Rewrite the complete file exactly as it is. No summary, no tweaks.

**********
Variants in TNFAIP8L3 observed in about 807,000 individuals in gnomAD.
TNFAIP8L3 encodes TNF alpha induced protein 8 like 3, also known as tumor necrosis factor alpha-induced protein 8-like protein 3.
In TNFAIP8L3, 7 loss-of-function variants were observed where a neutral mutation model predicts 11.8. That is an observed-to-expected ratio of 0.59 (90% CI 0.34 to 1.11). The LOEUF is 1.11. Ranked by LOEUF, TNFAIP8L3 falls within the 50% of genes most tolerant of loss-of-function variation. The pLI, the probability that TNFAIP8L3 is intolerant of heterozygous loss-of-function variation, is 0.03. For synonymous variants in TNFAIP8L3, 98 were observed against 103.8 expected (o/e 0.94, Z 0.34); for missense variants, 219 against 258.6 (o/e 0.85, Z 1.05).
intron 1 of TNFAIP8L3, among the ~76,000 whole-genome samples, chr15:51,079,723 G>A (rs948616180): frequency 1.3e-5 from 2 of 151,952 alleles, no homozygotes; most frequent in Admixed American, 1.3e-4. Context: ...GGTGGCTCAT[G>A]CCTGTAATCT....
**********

Variants in TNFAIP8L3 observed in about 807,000 individuals in gnomAD.
TNFAIP8L3 encodes TNF alpha induced protein 8 like 3, also known as tumor necrosis factor alpha-induced protein 8-like protein 3.
In TNFAIP8L3, 7 loss-of-function variants were observed where a neutral mutation model predicts 11.8. That is an observed-to-expected ratio of 0.59 (90% CI 0.34 to 1.11). The LOEUF is 1.11. Ranked by LOEUF, TNFAIP8L3 falls within the 50% of genes most tolerant of loss-of-function variation. The pLI, the probability that TNFAIP8L3 is intolerant of heterozygous loss-of-function variation, is 0.03. For synonymous variants in TNFAIP8L3, 98 were observed against 103.8 expected (o/e 0.94, Z 0.34); for missense variants, 219 against 258.6 (o/e 0.85, Z 1.05).
intron 1 of TNFAIP8L3, among the ~76,000 whole-genome samples, chr15:51,079,723 G>A (rs948616180): frequency 1.3e-5 from 2 of 151,952 alleles, no homozygotes; most frequent in Admixed American, 1.3e-4. Context: ...GGTGGCTCAT[G>A]CCTGTAATCT....